“Cattle trucks” and bureaucracy

The rail network here in London seems to have been totally incapable of dealing with the moderately heavy rain of the last few days.  I’m not sure what they were expecting in a temperate climate in October…

Cancellations and delays inevitably mean that when a train does arrive it’s usually already packed, and even more people try to squeeze on.  This is where the expression "cattle trucks" comes in.  It’s commonly used in the media when deriding the crowded state of the nation’s trains.  I did just stop and think when I boarded an extremely crowded train about a time when almost an entire population in Europe was forced against their will onto real cattle trucks on what, for many, would be the last journey they would ever make.  It does rather make a mockery of our petty grumbles at overcrowded commuter trains.

So often the choices we make in life convert to outcomes about which we wish to grumble.  Take the commuter train again.  People want to work in central London, so that they are paid more money, yet they don’t want to live in the centre of the city as it’s polluted, crowded, there aren’t nice parks, schools etc, so they want to live in smart suburbia.  Result: crowded roads and rail networks of people commuting.

Another thing that comes in for a lot of flack is the level of bureaucracy in modern society.  Recently buying a flat was an incredibly long, laborious process with countless forms to fill in for the purchase alone.  Don’t forget the life insurance, home and contents insurance, MPPI, gas, electricity, water, council tax and numerous other hoops to jump through and soon enough you’re drowning under the weight of the paperwork.  But again, this comes as a direct consequence of wanting to own a property, wanting to know you’re covered by your insurance if something goes wrong, wanting heating and lighting and water etc.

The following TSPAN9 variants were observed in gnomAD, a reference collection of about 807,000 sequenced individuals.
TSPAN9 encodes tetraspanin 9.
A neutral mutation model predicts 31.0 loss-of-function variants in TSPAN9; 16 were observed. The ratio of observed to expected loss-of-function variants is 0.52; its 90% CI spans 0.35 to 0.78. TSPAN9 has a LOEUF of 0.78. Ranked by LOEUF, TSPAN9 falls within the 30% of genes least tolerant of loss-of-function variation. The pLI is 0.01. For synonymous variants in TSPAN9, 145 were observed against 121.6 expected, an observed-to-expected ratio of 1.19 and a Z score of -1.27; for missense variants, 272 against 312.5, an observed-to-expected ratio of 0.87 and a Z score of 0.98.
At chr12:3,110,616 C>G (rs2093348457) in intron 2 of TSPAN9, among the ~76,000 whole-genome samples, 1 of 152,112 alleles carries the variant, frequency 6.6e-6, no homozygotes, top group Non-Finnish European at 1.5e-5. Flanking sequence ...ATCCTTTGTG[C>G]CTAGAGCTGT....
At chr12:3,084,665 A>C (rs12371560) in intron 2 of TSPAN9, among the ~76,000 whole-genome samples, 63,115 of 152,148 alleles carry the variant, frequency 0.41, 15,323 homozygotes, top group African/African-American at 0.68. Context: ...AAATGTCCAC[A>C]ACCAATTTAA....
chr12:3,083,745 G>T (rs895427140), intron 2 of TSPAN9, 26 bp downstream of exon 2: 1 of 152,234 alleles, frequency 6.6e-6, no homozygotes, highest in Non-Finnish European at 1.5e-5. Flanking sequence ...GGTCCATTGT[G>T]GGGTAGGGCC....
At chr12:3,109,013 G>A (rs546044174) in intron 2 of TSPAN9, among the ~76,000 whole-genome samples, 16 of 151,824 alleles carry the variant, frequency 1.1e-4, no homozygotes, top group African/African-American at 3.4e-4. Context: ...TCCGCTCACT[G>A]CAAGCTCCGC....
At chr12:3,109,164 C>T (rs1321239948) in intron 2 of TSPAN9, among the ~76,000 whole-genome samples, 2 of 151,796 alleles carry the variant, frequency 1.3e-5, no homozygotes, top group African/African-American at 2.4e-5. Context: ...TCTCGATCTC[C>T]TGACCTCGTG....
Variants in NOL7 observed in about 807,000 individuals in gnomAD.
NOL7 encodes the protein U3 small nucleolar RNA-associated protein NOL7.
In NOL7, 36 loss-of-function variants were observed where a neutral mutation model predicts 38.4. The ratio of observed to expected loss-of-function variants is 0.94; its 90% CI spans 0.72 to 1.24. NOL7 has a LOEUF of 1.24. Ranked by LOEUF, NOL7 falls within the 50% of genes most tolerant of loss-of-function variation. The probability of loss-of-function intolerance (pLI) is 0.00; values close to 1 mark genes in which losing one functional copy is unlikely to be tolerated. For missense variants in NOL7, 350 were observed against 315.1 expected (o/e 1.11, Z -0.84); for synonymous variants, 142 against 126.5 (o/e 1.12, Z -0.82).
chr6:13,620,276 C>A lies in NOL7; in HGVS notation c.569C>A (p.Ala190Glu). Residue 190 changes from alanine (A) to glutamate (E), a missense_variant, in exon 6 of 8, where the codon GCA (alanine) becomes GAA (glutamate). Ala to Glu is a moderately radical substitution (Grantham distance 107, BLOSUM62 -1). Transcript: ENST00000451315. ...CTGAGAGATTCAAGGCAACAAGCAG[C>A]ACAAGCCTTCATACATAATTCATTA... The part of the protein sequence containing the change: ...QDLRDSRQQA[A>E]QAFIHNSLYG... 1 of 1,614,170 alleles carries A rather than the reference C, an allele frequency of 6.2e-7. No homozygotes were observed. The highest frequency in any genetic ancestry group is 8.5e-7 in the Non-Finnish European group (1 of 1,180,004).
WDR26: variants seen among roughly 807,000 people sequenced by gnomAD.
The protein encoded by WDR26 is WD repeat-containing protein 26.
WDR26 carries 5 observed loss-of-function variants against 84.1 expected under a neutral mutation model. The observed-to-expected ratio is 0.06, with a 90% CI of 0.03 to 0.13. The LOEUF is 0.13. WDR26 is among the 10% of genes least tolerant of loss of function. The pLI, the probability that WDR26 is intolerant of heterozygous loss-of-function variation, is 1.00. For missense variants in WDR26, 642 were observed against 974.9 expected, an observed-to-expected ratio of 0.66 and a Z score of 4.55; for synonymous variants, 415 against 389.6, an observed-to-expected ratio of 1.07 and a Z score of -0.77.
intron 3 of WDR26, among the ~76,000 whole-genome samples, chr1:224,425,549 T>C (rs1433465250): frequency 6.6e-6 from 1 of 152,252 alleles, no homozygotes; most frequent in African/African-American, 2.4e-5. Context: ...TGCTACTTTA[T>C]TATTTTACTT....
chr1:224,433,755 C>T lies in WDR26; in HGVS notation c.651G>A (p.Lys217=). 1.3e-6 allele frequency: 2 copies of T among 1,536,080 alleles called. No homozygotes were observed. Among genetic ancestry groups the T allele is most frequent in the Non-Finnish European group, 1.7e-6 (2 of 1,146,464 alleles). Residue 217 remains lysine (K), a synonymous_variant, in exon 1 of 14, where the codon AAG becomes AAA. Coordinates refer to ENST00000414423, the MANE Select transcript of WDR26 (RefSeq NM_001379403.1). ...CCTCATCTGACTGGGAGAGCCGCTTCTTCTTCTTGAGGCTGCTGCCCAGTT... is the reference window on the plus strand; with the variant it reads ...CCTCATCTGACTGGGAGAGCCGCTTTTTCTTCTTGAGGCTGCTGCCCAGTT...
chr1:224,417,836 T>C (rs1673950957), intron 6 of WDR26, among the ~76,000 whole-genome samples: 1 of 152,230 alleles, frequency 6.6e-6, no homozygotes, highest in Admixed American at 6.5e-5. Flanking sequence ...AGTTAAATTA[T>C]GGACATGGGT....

I think we forget at our peril how lucky and privileged we are in the West and we forget it most of all when we grumble about things which are essentially consequences of our own good fortune.  I want to grumble less!

2 thoughts on ““Cattle trucks” and bureaucracy

  1. We in the West are indeed very lucky – we have the freedom to make life choices. I agree with you – so much of what we grumble about is petty in the global scheme of things!

    I’ve found the trick with the trains (when they’re full or cancelled/delayed) is to remember that most of the time they’re absolutely fine and we can get into the office fairly quickly and easily. (Also to believe it’s better not to be adding directly to the pollution levels in the centre of London or blocking up the roads.)

  2. This is so true–we in the West are privileged/spoiled beyond measure, and we have so much to be grateful for.

    Then, out of that gratitude, my personal prayer is to grumble less and do more to help others in real ways–they may be small, but that’s another one of our failings in the West–everything has to be BIG.

    No, it doesn’t–little gestures/little actions make a difference, especially if done out of love, rather than guilt.

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